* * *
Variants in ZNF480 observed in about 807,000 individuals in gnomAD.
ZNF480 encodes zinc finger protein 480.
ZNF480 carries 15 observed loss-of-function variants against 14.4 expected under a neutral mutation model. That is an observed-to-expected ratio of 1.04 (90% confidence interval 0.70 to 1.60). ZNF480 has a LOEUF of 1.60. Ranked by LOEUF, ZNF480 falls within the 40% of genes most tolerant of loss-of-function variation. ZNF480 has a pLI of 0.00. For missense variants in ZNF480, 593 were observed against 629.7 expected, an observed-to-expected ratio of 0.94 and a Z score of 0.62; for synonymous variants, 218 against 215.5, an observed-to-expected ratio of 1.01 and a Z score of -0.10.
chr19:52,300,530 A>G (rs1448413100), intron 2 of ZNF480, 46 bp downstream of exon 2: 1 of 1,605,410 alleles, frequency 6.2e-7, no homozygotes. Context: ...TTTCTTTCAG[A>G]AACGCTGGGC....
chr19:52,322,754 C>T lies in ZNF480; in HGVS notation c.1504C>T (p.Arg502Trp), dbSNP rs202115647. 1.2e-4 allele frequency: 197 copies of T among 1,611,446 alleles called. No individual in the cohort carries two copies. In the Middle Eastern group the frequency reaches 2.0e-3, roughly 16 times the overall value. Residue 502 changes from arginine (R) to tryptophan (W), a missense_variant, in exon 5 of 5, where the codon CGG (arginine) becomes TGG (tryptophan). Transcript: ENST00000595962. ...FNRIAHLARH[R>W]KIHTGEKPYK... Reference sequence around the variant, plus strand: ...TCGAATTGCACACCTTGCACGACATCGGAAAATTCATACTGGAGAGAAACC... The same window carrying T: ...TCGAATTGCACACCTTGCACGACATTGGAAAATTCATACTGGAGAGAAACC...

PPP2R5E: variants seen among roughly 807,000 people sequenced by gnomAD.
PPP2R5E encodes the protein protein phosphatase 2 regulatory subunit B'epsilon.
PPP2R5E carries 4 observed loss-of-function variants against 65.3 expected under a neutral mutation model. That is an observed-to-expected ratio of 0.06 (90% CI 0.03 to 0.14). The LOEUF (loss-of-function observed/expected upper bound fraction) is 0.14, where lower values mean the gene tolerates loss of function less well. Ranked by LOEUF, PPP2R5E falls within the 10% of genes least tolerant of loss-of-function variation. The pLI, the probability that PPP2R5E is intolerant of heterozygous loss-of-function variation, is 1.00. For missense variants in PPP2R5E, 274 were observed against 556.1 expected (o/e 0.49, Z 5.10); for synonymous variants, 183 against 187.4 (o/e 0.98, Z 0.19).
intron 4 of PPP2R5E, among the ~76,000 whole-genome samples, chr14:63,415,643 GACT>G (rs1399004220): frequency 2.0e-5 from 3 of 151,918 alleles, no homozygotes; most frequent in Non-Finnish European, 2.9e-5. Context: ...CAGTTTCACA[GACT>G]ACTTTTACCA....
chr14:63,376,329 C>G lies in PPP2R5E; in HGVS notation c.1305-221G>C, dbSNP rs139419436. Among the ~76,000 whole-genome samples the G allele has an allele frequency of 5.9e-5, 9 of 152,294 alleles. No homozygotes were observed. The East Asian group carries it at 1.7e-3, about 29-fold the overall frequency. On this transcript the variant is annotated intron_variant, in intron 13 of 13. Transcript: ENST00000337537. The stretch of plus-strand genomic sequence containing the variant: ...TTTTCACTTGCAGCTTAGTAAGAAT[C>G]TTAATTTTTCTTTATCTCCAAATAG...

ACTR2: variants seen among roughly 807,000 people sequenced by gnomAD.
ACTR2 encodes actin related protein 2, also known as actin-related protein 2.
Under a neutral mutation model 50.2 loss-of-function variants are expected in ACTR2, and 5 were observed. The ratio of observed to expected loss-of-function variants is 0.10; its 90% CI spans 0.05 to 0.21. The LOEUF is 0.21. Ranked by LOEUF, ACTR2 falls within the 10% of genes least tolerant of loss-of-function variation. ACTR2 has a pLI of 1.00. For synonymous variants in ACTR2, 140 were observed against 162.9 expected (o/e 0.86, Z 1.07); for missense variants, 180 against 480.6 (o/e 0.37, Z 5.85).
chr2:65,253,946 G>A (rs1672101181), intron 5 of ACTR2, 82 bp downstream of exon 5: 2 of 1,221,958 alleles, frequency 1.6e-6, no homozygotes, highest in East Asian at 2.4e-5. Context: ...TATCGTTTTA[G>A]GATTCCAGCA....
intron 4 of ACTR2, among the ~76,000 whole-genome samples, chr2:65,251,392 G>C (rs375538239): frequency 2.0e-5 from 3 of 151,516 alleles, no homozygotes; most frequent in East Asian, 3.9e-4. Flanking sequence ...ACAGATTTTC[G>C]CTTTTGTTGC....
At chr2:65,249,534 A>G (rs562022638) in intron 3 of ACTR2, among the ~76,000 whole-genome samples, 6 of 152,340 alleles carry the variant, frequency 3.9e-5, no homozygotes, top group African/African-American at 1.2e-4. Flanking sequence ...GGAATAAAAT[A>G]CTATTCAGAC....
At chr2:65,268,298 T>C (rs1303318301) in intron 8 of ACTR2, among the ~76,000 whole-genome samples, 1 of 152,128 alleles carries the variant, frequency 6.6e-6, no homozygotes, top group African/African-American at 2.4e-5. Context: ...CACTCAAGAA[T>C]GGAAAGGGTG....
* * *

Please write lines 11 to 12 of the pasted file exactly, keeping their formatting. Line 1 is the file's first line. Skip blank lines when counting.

ACTR2: variants seen among roughly 807,000 people sequenced by gnomAD.
ACTR2 encodes actin related protein 2, also known as actin-related protein 2.